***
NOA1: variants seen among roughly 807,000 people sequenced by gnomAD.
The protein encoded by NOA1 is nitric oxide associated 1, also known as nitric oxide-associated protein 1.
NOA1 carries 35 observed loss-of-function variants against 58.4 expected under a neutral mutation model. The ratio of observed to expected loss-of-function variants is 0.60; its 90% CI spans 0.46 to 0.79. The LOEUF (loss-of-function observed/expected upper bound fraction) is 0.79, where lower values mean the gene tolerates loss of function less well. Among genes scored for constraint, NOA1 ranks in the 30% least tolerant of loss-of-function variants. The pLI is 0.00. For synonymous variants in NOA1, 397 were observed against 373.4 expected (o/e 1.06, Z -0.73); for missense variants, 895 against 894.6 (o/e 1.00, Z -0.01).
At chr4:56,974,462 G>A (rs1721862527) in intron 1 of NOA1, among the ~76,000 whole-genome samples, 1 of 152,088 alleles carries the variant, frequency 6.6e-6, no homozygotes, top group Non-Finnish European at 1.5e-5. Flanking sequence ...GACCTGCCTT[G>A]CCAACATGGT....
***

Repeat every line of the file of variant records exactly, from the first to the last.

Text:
NOA1: variants seen among roughly 807,000 people sequenced by gnomAD.
The protein encoded by NOA1 is nitric oxide associated 1, also known as nitric oxide-associated protein 1.
NOA1 carries 35 observed loss-of-function variants against 58.4 expected under a neutral mutation model. The ratio of observed to expected loss-of-function variants is 0.60; its 90% CI spans 0.46 to 0.79. The LOEUF (loss-of-function observed/expected upper bound fraction) is 0.79, where lower values mean the gene tolerates loss of function less well. Among genes scored for constraint, NOA1 ranks in the 30% least tolerant of loss-of-function variants. The pLI is 0.00. For synonymous variants in NOA1, 397 were observed against 373.4 expected (o/e 1.06, Z -0.73); for missense variants, 895 against 894.6 (o/e 1.00, Z -0.01).
At chr4:56,974,462 G>A (rs1721862527) in intron 1 of NOA1, among the ~76,000 whole-genome samples, 1 of 152,088 alleles carries the variant, frequency 6.6e-6, no homozygotes, top group Non-Finnish European at 1.5e-5. Flanking sequence ...GACCTGCCTT[G>A]CCAACATGGT....